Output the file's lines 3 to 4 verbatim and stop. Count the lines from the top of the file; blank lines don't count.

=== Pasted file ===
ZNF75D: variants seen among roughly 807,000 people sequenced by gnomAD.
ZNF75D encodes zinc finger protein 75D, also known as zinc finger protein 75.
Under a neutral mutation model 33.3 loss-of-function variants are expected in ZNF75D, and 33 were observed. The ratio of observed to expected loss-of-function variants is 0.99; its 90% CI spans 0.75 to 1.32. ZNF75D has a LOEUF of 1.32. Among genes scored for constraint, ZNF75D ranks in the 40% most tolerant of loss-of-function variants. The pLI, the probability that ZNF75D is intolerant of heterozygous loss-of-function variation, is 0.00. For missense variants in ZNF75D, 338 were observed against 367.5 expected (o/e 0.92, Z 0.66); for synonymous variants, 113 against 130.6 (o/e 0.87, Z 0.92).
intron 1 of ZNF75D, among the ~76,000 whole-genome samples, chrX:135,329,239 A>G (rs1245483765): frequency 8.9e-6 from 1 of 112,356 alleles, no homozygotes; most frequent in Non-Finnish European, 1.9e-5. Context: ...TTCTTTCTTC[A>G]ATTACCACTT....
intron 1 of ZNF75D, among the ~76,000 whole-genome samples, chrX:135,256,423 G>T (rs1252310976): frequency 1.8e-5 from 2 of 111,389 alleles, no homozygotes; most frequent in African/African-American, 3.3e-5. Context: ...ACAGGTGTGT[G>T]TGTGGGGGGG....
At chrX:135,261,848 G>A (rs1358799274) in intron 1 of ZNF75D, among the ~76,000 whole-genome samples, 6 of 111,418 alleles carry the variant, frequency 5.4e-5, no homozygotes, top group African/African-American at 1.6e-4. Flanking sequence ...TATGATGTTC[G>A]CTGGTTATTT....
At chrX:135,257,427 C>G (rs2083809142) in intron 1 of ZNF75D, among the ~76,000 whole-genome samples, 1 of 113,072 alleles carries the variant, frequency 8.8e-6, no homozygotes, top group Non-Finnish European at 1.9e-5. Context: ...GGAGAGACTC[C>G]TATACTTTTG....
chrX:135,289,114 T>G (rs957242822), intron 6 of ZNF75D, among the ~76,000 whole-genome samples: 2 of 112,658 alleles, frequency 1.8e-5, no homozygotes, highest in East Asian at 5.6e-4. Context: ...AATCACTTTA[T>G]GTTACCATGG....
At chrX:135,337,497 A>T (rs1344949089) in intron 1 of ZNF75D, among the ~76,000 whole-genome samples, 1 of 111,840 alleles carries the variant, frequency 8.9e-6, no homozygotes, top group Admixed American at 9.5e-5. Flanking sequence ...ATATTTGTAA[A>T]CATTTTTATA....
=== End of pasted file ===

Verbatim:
Under a neutral mutation model 33.3 loss-of-function variants are expected in ZNF75D, and 33 were observed. The ratio of observed to expected loss-of-function variants is 0.99; its 90% CI spans 0.75 to 1.32. ZNF75D has a LOEUF of 1.32. Among genes scored for constraint, ZNF75D ranks in the 40% most tolerant of loss-of-function variants. The pLI, the probability that ZNF75D is intolerant of heterozygous loss-of-function variation, is 0.00. For missense variants in ZNF75D, 338 were observed against 367.5 expected (o/e 0.92, Z 0.66); for synonymous variants, 113 against 130.6 (o/e 0.87, Z 0.92).
intron 1 of ZNF75D, among the ~76,000 whole-genome samples, chrX:135,329,239 A>G (rs1245483765): frequency 8.9e-6 from 1 of 112,356 alleles, no homozygotes; most frequent in Non-Finnish European, 1.9e-5. Context: ...TTCTTTCTTC[A>G]ATTACCACTT....